Ivory Coast (Republic of Côte d’Ivoire) has announced the creation of its first Marine Protected Area (MPA), which will cover 2,600km2 of ocean off the coast of Grand-Béréby. This will help to protect marine biodiversity in this pristine area of ocean, including threatened shark and turtle species.
“I announce our decision to create Cote d’Ivoire’s first Marine Protected Area in Grand-Béréby,” said the Minister for the Environment and Sustainable Development, Professor Joseph Seka Seka. “A ‘partially protected’ area that will include an integrally protected zone closed to all activities, and an eco-development zone that will support sustainable fishing practices and ecotourism activities.”
The creation of this MPA relied on comprehensive scientific data collected by a team including the University of Exeter, who were supported by funding from the Rainforest Trust and the UK government’s Darwin Initiative. This research included participatory work with local communities to collect data on the biodiversity and health of the waters, including underwater surveys of marine habitats and previously undocumented reefs, and satellite tagging of sea turtles.
“This MPA is in a really unique area of marine biodiversity, whose reefs provide a natural refuge that will now be complemented by legal protection,” said Dr Kristian Metcalfe, of the Centre for Ecology and Conservation on Exeter’s Penryn Campus in Cornwall. “The political will for protecting marine biodiversity and supporting sustainable resource use has been exemplary, and so we are delighted that our collaborative efforts have been able to underpin such a massive step in marine conservation. Levels of marine protection in West Africa are generally low, so the Ivorian government’s creation of a Marine Protected Area is a big statement that will hopefully act as a regional exemplar.”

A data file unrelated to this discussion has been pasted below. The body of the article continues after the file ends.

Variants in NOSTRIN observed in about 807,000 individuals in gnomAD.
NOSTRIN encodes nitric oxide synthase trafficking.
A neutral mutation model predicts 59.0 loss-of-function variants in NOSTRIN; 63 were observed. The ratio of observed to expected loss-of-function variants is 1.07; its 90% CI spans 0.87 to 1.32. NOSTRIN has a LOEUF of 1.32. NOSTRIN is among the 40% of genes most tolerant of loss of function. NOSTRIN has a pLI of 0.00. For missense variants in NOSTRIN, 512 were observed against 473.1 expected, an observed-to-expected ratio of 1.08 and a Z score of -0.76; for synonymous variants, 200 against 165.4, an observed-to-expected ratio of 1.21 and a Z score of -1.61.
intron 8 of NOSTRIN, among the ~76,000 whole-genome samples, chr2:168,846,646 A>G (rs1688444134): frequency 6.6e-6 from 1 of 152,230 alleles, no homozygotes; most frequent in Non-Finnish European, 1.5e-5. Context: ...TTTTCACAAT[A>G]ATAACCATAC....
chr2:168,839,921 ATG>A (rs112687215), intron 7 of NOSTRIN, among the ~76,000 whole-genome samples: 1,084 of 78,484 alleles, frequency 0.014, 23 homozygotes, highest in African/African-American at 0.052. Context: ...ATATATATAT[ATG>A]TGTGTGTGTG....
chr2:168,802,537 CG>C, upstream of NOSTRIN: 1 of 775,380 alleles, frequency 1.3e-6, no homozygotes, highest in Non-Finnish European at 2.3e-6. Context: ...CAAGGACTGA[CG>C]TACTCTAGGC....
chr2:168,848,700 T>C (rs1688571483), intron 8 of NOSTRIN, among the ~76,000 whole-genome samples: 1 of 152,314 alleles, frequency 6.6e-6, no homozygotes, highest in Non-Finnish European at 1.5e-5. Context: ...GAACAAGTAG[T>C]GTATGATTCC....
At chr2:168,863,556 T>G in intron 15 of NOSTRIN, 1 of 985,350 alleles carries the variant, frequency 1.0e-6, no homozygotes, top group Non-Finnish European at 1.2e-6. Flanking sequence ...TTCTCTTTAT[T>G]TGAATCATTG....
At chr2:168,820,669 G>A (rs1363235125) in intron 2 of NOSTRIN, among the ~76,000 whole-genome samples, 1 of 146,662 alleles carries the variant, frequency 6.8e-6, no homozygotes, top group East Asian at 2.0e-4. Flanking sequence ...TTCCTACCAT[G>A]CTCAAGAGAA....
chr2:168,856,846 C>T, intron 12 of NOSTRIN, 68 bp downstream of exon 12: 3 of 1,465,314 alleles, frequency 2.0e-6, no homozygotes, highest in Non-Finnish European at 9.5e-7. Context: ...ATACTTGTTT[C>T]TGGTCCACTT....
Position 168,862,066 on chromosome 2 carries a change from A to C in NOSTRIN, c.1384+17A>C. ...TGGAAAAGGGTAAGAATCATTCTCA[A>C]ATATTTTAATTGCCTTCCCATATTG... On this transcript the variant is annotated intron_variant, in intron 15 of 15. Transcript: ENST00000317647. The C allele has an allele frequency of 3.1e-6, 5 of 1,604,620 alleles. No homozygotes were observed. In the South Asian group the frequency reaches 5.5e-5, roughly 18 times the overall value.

The Ivorian government announced its intention to create five MPAs back in September. The location of the inaugural includes important seabed habitats and reef ecosystems, as well as globally significant nesting and foraging grounds for olive ridley, leatherback, and green turtles. More than 20 species of sharks and rays, including hammerheads, manta rays and guitarfish – a group of rays now considered the world’s most threatened marine fish, will also be protected.
“The government of Cote d’Ivoire should be widely applauded for this truly momentous decision,” said Abou Bamba, Executive Secretary of the UNEP Abidjan Convention, “which shows tremendous leadership that we hope will resonate and be replicated across the Atlantic facade of Africa to unlock the economic potential of the continent coastal zones.”
The move culminates many years of work by the Ivorian government, the Abidjan Convention, Swedish Government and local non-governmental organisation Conservation des Espèces Marines (CEM), supported by the University of Exeter and the Wildlife Conservation Society. This work was done alongside communities in Grand-Béréby to strengthen protection of marine biodiversity and fisheries resources, and to enhance local livelihoods. The Exeter team had been invited to Ivory Coast after working on other marine conservation projects, first in Gabon and then in the Republic of the Congo.
Photography courtesy of CEM.
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